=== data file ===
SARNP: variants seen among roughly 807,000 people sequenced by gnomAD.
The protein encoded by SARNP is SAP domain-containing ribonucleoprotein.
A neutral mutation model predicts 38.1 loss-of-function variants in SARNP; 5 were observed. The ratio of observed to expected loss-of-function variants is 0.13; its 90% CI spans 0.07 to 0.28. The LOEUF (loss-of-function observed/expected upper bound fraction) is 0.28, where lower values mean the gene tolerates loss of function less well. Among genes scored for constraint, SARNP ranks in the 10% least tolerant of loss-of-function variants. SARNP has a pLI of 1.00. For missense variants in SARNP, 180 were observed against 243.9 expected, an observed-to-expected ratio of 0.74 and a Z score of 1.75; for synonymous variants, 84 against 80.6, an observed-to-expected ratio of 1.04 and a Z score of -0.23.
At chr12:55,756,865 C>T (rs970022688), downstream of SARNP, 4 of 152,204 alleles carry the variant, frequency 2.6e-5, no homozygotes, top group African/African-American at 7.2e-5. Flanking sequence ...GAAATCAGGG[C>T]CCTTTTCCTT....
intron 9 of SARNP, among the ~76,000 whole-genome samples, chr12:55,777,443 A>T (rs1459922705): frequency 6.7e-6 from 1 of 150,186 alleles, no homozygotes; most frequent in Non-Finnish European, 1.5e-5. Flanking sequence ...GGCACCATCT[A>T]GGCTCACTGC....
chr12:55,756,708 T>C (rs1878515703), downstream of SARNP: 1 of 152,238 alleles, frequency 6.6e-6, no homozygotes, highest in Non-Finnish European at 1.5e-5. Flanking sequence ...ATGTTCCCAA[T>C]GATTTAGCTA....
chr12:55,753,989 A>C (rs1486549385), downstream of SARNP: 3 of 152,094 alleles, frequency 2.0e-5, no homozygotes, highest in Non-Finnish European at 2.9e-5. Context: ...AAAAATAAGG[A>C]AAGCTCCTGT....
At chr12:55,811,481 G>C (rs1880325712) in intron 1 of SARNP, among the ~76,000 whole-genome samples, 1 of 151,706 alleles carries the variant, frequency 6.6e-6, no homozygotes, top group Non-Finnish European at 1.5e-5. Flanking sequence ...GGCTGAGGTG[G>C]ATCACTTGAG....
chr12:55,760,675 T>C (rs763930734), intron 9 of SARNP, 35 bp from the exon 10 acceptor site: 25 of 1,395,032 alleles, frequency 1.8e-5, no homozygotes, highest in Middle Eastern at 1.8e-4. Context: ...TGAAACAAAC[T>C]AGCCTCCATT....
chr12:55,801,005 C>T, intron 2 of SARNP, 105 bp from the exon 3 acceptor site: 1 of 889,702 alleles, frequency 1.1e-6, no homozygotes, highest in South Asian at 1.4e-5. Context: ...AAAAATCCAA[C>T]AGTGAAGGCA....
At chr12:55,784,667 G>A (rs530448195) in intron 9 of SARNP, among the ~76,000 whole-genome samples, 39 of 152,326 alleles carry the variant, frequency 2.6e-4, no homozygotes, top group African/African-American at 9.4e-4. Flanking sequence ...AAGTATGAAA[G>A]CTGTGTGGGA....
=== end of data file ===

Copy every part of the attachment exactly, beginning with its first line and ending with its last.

SARNP: variants seen among roughly 807,000 people sequenced by gnomAD.
The protein encoded by SARNP is SAP domain-containing ribonucleoprotein.
A neutral mutation model predicts 38.1 loss-of-function variants in SARNP; 5 were observed. The ratio of observed to expected loss-of-function variants is 0.13; its 90% CI spans 0.07 to 0.28. The LOEUF (loss-of-function observed/expected upper bound fraction) is 0.28, where lower values mean the gene tolerates loss of function less well. Among genes scored for constraint, SARNP ranks in the 10% least tolerant of loss-of-function variants. SARNP has a pLI of 1.00. For missense variants in SARNP, 180 were observed against 243.9 expected, an observed-to-expected ratio of 0.74 and a Z score of 1.75; for synonymous variants, 84 against 80.6, an observed-to-expected ratio of 1.04 and a Z score of -0.23.
At chr12:55,756,865 C>T (rs970022688), downstream of SARNP, 4 of 152,204 alleles carry the variant, frequency 2.6e-5, no homozygotes, top group African/African-American at 7.2e-5. Flanking sequence ...GAAATCAGGG[C>T]CCTTTTCCTT....
intron 9 of SARNP, among the ~76,000 whole-genome samples, chr12:55,777,443 A>T (rs1459922705): frequency 6.7e-6 from 1 of 150,186 alleles, no homozygotes; most frequent in Non-Finnish European, 1.5e-5. Flanking sequence ...GGCACCATCT[A>T]GGCTCACTGC....
chr12:55,756,708 T>C (rs1878515703), downstream of SARNP: 1 of 152,238 alleles, frequency 6.6e-6, no homozygotes, highest in Non-Finnish European at 1.5e-5. Flanking sequence ...ATGTTCCCAA[T>C]GATTTAGCTA....
chr12:55,753,989 A>C (rs1486549385), downstream of SARNP: 3 of 152,094 alleles, frequency 2.0e-5, no homozygotes, highest in Non-Finnish European at 2.9e-5. Context: ...AAAAATAAGG[A>C]AAGCTCCTGT....
At chr12:55,811,481 G>C (rs1880325712) in intron 1 of SARNP, among the ~76,000 whole-genome samples, 1 of 151,706 alleles carries the variant, frequency 6.6e-6, no homozygotes, top group Non-Finnish European at 1.5e-5. Flanking sequence ...GGCTGAGGTG[G>C]ATCACTTGAG....
chr12:55,760,675 T>C (rs763930734), intron 9 of SARNP, 35 bp from the exon 10 acceptor site: 25 of 1,395,032 alleles, frequency 1.8e-5, no homozygotes, highest in Middle Eastern at 1.8e-4. Context: ...TGAAACAAAC[T>C]AGCCTCCATT....
chr12:55,801,005 C>T, intron 2 of SARNP, 105 bp from the exon 3 acceptor site: 1 of 889,702 alleles, frequency 1.1e-6, no homozygotes, highest in South Asian at 1.4e-5. Context: ...AAAAATCCAA[C>T]AGTGAAGGCA....
At chr12:55,784,667 G>A (rs530448195) in intron 9 of SARNP, among the ~76,000 whole-genome samples, 39 of 152,326 alleles carry the variant, frequency 2.6e-4, no homozygotes, top group African/African-American at 9.4e-4. Flanking sequence ...AAGTATGAAA[G>A]CTGTGTGGGA....